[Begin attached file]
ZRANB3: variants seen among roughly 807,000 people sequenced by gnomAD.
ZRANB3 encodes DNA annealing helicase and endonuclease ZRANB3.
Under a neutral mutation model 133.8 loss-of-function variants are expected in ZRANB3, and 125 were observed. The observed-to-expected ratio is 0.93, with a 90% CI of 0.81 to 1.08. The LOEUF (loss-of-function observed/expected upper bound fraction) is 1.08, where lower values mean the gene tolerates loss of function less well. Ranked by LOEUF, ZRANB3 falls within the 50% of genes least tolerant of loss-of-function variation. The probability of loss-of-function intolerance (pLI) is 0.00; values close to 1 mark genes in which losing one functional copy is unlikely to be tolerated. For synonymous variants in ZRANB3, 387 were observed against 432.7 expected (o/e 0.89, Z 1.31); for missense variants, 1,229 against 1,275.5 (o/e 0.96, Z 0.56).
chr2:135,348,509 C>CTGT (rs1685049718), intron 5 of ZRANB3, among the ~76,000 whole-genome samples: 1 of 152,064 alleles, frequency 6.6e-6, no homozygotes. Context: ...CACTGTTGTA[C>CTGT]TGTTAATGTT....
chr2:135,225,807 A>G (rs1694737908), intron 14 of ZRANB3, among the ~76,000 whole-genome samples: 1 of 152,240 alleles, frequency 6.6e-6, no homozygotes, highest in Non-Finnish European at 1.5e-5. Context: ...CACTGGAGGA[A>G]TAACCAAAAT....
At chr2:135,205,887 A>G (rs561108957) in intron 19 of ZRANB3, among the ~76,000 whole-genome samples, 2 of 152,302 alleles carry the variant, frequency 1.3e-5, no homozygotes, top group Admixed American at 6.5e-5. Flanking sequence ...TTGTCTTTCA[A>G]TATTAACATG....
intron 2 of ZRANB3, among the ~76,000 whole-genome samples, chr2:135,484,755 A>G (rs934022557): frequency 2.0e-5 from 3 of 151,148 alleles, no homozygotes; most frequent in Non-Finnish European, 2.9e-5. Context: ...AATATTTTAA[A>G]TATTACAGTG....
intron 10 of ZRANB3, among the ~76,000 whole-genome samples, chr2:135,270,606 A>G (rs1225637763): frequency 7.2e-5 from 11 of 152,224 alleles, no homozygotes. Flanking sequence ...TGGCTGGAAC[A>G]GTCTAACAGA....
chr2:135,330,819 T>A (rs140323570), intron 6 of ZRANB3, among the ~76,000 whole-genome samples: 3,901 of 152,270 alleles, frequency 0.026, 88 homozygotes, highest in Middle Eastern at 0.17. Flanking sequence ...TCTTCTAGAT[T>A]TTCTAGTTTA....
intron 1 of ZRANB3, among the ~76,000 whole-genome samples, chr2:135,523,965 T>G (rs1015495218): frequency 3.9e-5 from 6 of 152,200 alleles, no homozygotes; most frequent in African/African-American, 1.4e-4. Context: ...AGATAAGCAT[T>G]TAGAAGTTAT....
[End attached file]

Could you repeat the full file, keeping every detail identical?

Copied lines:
ZRANB3: variants seen among roughly 807,000 people sequenced by gnomAD.
ZRANB3 encodes DNA annealing helicase and endonuclease ZRANB3.
Under a neutral mutation model 133.8 loss-of-function variants are expected in ZRANB3, and 125 were observed. The observed-to-expected ratio is 0.93, with a 90% CI of 0.81 to 1.08. The LOEUF (loss-of-function observed/expected upper bound fraction) is 1.08, where lower values mean the gene tolerates loss of function less well. Ranked by LOEUF, ZRANB3 falls within the 50% of genes least tolerant of loss-of-function variation. The probability of loss-of-function intolerance (pLI) is 0.00; values close to 1 mark genes in which losing one functional copy is unlikely to be tolerated. For synonymous variants in ZRANB3, 387 were observed against 432.7 expected (o/e 0.89, Z 1.31); for missense variants, 1,229 against 1,275.5 (o/e 0.96, Z 0.56).
chr2:135,348,509 C>CTGT (rs1685049718), intron 5 of ZRANB3, among the ~76,000 whole-genome samples: 1 of 152,064 alleles, frequency 6.6e-6, no homozygotes. Context: ...CACTGTTGTA[C>CTGT]TGTTAATGTT....
chr2:135,225,807 A>G (rs1694737908), intron 14 of ZRANB3, among the ~76,000 whole-genome samples: 1 of 152,240 alleles, frequency 6.6e-6, no homozygotes, highest in Non-Finnish European at 1.5e-5. Context: ...CACTGGAGGA[A>G]TAACCAAAAT....
At chr2:135,205,887 A>G (rs561108957) in intron 19 of ZRANB3, among the ~76,000 whole-genome samples, 2 of 152,302 alleles carry the variant, frequency 1.3e-5, no homozygotes, top group Admixed American at 6.5e-5. Flanking sequence ...TTGTCTTTCA[A>G]TATTAACATG....
intron 2 of ZRANB3, among the ~76,000 whole-genome samples, chr2:135,484,755 A>G (rs934022557): frequency 2.0e-5 from 3 of 151,148 alleles, no homozygotes; most frequent in Non-Finnish European, 2.9e-5. Context: ...AATATTTTAA[A>G]TATTACAGTG....
intron 10 of ZRANB3, among the ~76,000 whole-genome samples, chr2:135,270,606 A>G (rs1225637763): frequency 7.2e-5 from 11 of 152,224 alleles, no homozygotes. Flanking sequence ...TGGCTGGAAC[A>G]GTCTAACAGA....
chr2:135,330,819 T>A (rs140323570), intron 6 of ZRANB3, among the ~76,000 whole-genome samples: 3,901 of 152,270 alleles, frequency 0.026, 88 homozygotes, highest in Middle Eastern at 0.17. Flanking sequence ...TCTTCTAGAT[T>A]TTCTAGTTTA....
intron 1 of ZRANB3, among the ~76,000 whole-genome samples, chr2:135,523,965 T>G (rs1015495218): frequency 3.9e-5 from 6 of 152,200 alleles, no homozygotes; most frequent in African/African-American, 1.4e-4. Context: ...AGATAAGCAT[T>G]TAGAAGTTAT....